I am a big fan of the multi-talented and ultra-cool Mr Kitano. He is known for his earlier works about the life of yakuzas. He has always been the leading actor in all of his movies (I read somewhere the he is unable to trust anybody to be the lead actor) except for Dolls (2002).
Favourites: Fireworks (1997), Brother (2000), Zatoichi (2003), Outrage (2010) Outrage Beyond (2013)
Fireworks is a story about a good cop turned bad. The ending is just perfect and beautiful. Brother is Kitano’s American debut about loyalty, the ups and downs in the organized crime world. Zatoichi is a delight to watch (bonus: Asano in this movie). Outrage and Outrage Beyond features plenty of machoness, gunshots and fingers-cutting – my cup of tea.
Kim Ki-Duk (South Korea)
Kim’s movies are always painful to watch as his theme revolves around the mistreatment of women, oppression and brutality (his style is very similar to Austrian’s Michael Haneke), but being a fan I cannot help but to watch most of his movies.
Favourite: 3-Iron (2004) Moebius (2013)
3-Iron is an award-winning beautiful film about a woman trapped in an unhappy marriage and falling in love with a stranger who broke into her house. Moebius (2013) is a modern day tale of Oedipal. It was hard to watch but I got through and glad that I did.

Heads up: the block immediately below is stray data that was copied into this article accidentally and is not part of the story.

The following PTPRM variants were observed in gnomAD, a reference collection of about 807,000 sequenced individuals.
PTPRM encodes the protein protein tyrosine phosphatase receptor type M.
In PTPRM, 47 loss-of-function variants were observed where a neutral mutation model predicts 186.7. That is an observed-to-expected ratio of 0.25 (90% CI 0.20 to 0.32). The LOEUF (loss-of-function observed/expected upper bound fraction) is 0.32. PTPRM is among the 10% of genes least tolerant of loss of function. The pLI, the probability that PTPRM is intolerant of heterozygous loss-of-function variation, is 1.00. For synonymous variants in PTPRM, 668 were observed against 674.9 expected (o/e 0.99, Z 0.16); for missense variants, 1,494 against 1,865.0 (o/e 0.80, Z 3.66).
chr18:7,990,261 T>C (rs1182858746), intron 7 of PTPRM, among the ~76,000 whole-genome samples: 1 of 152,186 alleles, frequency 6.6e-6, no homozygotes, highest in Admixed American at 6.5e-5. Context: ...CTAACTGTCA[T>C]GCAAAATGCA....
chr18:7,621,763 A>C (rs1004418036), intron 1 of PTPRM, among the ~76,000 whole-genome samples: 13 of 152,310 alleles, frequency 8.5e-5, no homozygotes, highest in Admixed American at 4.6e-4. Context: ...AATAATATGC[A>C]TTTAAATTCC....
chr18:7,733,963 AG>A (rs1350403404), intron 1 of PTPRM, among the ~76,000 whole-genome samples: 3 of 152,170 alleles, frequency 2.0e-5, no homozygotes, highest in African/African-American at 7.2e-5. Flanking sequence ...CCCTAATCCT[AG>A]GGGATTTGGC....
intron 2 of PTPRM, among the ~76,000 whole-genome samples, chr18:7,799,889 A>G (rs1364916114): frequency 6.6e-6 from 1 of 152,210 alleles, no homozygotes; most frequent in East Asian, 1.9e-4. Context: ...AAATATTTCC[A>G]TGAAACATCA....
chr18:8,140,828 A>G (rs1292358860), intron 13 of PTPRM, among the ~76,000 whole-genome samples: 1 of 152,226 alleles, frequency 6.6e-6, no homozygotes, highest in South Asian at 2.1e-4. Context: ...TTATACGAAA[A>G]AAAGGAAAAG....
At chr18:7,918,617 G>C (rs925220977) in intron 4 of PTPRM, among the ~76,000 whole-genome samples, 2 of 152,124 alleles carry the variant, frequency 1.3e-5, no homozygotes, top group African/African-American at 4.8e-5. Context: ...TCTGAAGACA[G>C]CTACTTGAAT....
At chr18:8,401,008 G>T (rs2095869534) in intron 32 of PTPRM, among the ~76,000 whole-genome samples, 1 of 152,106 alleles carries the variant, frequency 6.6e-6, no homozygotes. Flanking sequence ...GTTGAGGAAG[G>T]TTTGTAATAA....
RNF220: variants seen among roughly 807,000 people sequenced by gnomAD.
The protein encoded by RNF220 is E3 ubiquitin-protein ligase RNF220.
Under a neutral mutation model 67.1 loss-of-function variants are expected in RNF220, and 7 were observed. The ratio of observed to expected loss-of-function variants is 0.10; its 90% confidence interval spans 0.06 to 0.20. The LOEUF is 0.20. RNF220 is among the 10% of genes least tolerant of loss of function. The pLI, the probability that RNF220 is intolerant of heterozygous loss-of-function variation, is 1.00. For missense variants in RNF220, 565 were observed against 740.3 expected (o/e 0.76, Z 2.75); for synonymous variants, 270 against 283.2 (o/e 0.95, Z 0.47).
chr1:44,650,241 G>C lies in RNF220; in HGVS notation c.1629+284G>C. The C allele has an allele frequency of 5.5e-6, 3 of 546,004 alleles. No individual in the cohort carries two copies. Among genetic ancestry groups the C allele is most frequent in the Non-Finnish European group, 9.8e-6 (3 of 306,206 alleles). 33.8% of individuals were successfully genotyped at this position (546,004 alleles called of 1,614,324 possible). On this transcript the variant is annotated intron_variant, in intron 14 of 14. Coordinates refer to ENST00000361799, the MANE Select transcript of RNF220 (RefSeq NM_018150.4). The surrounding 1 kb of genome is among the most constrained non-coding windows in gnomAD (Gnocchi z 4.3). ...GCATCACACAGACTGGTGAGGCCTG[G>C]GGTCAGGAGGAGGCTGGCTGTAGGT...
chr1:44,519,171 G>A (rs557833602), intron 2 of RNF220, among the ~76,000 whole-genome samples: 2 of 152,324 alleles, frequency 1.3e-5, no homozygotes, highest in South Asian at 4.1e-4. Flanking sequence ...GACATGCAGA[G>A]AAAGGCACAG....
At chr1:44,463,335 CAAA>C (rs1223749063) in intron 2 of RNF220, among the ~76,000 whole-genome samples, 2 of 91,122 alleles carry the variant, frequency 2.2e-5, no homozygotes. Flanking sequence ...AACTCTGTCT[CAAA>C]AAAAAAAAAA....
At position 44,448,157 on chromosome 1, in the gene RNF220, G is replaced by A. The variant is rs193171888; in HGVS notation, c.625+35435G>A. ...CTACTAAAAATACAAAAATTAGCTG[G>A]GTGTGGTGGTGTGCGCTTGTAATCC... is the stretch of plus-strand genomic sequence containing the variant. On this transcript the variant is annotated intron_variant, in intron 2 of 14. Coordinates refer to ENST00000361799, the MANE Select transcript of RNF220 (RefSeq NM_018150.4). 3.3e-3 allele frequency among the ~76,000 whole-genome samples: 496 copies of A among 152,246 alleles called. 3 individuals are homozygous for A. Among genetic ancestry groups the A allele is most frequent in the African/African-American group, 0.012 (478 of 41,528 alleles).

Johnnie To (Hong Kong)
Johnnie To has a cult following for his movies about the world of organized crime in Hong Kong shot in a romantic tone.
Favourites: Election (2005) and Exile (2006) Sparrow (2008) and Vengeance (2008)
More of my favourite movies below:
Sakuran (2006) is geisha movie by renowned photographer Mika Ninagawa. Brimming with vivid bright colours, this is a delight to watch.
Lust Caution (2007) is one of my favourite spy thriller, one of Ang Lee’s masterpiece. Slick and unforgettable. Leading actor is Tony Leung
Infernal Affairs (2002), Infernal Affairs II (2003) and Infernal Affairs III (2003) in my opinion this is one of the most important trilogy in the Hong Kong action movie scene. Again, Tony Leung is one of the main talent. Martin Scorsese adapted Infernal Affairs and made a Hollywood version, The Departed (starring Leo Dicaprio).
The Raid (2012) and The Raid 2 (2014) Arguably, the sequel is better than the first. Probably one of the best action movie in Asia or possibly the entire world. A lot of style and substance and I cannot wait to see what the director Gareth Evans is up to next.
All About Lily Chou-chou (2001) is dreamy bit poignant, unforgettable.
Confessions (2010) is one of the best revenge movies I have seen. Dark, slick and beautifully shot.
Forever Enthralled (2008) is possibly Leon Lai’s best performance as true story about China’s greatest opera performer. Charming.
Tokyo Sonata (2010) is a beautiful movie about distance and disintegration within the family in modern Japan.
Memories of Murder (2003) is a story movie about two small-town detectives solving a murder mystery. A dark comedy but also poignant.
New World (2013) - I have seen a fair share of South Korean gangster films, but this is by far my favorite. The Internal Affair-esque story is engaging, funny but slick at the same time.
*This post was featured on Walter Osborne on June 16th, 2013